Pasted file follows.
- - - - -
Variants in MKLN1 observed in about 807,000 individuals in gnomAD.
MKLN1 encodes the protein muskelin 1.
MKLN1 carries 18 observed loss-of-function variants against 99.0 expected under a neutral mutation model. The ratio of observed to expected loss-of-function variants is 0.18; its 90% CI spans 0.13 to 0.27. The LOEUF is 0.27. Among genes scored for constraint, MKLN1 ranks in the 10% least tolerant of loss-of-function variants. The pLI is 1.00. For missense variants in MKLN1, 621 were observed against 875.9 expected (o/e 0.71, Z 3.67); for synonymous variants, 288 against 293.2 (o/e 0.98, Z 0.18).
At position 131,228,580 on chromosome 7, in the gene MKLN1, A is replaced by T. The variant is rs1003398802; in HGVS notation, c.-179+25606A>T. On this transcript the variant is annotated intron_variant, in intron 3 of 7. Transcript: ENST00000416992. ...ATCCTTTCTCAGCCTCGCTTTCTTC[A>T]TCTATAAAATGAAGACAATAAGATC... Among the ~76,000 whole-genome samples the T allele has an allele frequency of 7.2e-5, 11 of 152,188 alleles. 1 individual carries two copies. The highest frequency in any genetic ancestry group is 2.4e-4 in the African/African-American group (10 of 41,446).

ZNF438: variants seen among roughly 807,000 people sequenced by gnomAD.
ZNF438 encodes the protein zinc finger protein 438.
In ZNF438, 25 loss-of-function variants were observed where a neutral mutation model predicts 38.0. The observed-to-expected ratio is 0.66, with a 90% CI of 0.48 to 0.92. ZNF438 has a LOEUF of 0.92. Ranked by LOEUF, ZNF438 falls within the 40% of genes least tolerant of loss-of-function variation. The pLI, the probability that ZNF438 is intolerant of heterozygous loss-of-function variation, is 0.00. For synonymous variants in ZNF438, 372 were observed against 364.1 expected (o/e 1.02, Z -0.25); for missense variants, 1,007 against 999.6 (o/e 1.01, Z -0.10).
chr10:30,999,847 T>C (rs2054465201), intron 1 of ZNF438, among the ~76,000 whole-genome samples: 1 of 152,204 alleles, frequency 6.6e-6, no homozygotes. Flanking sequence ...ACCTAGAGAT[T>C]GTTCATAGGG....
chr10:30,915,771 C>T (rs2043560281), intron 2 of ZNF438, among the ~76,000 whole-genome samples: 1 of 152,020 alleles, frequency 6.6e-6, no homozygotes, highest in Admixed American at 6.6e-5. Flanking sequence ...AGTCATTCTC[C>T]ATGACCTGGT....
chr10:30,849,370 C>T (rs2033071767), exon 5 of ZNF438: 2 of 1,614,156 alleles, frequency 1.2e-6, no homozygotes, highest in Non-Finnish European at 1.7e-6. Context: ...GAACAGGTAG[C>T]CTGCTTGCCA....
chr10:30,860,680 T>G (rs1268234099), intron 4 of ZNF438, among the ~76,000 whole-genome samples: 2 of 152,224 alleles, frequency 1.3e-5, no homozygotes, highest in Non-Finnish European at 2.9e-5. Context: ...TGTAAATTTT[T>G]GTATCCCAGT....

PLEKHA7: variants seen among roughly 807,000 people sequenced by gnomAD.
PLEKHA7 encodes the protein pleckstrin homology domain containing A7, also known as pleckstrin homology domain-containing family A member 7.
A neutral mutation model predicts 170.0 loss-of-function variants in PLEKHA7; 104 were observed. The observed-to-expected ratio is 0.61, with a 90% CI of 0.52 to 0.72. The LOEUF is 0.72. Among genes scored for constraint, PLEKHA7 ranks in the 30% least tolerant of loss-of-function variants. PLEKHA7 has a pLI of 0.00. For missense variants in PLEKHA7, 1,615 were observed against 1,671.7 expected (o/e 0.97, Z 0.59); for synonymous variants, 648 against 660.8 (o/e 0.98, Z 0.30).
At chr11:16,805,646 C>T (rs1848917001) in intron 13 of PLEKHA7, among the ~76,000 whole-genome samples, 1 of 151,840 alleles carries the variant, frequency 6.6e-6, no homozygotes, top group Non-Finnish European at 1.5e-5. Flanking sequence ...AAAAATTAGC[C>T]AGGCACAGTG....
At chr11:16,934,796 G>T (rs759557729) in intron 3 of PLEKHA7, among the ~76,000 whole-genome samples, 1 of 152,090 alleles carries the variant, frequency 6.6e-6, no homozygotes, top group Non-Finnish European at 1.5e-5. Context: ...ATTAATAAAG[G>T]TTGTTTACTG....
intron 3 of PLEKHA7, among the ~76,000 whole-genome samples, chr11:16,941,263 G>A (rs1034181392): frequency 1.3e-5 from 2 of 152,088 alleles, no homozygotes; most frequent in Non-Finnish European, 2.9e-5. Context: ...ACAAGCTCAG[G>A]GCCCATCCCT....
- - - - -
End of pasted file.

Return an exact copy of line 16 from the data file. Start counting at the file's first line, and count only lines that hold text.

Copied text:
At chr11:16,934,796 G>T (rs759557729) in intron 3 of PLEKHA7, among the ~76,000 whole-genome samples, 1 of 152,090 alleles carries the variant, frequency 6.6e-6, no homozygotes, top group Non-Finnish European at 1.5e-5. Context: ...ATTAATAAAG[G>T]TTGTTTACTG....